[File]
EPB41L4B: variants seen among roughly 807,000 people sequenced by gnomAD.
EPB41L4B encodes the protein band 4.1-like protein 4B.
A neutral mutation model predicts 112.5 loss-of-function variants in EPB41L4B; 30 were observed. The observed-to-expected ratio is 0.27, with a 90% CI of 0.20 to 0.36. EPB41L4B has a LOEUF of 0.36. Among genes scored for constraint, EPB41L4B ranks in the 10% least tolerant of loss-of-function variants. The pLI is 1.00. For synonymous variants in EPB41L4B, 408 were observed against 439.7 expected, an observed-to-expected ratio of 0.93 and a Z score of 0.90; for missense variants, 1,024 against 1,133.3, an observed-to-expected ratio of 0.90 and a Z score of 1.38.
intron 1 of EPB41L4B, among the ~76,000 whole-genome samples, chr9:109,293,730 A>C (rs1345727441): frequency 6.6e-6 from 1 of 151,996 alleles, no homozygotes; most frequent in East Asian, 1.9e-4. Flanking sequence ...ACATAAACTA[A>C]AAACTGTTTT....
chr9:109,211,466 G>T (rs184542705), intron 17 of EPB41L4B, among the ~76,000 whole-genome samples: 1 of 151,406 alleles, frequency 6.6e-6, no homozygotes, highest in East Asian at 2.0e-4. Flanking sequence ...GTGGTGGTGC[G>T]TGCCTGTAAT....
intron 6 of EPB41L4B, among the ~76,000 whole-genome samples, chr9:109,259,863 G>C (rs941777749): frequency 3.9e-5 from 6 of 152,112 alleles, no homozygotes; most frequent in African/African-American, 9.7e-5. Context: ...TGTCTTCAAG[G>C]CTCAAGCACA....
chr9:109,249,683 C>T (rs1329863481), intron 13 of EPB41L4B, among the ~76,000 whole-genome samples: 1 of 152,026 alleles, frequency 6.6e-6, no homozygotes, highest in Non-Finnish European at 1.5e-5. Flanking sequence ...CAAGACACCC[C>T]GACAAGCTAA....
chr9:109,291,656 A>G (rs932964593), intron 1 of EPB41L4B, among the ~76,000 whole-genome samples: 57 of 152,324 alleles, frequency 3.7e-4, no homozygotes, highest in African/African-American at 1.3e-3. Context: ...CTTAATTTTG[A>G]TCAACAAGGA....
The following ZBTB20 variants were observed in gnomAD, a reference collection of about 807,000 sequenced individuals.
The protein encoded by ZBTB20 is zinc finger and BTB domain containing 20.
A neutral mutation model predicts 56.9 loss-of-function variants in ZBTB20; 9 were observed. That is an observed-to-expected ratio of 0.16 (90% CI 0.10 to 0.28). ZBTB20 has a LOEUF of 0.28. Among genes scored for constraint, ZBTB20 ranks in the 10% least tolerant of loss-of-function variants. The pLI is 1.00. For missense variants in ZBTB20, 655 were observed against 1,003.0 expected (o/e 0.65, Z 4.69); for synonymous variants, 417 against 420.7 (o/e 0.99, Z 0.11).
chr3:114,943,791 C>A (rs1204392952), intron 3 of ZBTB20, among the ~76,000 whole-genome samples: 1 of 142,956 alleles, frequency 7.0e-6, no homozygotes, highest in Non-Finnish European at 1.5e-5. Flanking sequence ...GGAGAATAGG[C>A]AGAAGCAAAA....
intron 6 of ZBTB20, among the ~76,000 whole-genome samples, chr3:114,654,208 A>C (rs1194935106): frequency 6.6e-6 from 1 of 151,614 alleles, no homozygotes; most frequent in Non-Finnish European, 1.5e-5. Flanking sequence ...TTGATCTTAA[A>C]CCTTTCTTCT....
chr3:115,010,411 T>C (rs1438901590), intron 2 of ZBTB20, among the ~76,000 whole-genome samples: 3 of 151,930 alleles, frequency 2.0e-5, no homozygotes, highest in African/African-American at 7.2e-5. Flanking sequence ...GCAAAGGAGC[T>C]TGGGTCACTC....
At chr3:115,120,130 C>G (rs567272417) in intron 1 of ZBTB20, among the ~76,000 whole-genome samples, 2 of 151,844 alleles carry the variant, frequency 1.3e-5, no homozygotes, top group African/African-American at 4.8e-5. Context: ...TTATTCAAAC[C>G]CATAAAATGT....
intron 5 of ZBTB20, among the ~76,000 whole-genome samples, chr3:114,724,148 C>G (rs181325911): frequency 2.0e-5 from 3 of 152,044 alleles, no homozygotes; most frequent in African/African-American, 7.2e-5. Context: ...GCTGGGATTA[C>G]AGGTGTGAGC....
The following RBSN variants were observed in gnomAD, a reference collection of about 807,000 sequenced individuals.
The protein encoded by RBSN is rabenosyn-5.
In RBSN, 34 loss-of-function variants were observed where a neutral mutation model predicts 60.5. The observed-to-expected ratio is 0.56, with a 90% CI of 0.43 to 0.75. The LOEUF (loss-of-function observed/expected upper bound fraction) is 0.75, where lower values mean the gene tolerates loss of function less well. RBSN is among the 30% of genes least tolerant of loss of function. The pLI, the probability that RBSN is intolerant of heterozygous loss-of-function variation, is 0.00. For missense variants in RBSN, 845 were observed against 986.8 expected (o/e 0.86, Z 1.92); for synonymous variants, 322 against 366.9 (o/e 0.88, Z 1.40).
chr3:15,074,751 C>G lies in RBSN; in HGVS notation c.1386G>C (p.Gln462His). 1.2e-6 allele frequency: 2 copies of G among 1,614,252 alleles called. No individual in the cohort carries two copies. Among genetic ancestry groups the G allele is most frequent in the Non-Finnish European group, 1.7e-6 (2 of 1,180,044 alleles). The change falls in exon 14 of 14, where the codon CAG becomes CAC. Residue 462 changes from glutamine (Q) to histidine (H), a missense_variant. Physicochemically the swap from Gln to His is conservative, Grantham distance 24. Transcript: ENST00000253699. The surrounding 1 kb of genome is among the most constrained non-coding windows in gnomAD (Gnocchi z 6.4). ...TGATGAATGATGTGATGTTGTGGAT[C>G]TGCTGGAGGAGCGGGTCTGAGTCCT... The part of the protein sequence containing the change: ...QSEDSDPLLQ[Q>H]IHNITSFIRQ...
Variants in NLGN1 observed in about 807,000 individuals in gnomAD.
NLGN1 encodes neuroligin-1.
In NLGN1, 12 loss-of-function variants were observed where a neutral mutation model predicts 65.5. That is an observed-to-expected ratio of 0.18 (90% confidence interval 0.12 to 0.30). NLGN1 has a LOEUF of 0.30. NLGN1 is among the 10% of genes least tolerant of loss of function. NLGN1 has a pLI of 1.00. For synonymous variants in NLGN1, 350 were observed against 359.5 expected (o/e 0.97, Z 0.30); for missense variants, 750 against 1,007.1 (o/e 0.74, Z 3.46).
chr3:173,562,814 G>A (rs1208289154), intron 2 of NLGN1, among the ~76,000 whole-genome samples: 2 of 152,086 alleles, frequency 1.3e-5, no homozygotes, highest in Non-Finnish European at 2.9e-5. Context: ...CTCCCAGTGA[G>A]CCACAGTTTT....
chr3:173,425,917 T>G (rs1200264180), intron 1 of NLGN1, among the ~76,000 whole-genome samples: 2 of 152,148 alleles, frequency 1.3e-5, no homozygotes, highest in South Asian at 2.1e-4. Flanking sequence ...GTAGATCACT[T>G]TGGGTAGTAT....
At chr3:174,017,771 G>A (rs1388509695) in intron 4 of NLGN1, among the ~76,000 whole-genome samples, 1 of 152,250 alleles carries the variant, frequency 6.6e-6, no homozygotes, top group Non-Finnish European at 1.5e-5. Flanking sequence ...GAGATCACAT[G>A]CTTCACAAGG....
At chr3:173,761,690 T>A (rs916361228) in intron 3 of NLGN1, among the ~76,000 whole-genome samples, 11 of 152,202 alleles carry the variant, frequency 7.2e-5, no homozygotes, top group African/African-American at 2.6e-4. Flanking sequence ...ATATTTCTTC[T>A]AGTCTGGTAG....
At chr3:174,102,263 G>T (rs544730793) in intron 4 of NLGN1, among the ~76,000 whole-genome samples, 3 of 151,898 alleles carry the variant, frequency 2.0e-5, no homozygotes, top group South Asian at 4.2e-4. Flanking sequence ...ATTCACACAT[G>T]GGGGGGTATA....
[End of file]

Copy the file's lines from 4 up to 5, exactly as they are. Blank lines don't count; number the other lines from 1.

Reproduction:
intron 1 of EPB41L4B, among the ~76,000 whole-genome samples, chr9:109,293,730 A>C (rs1345727441): frequency 6.6e-6 from 1 of 151,996 alleles, no homozygotes; most frequent in East Asian, 1.9e-4. Flanking sequence ...ACATAAACTA[A>C]AAACTGTTTT....
chr9:109,211,466 G>T (rs184542705), intron 17 of EPB41L4B, among the ~76,000 whole-genome samples: 1 of 151,406 alleles, frequency 6.6e-6, no homozygotes, highest in East Asian at 2.0e-4. Flanking sequence ...GTGGTGGTGC[G>T]TGCCTGTAAT....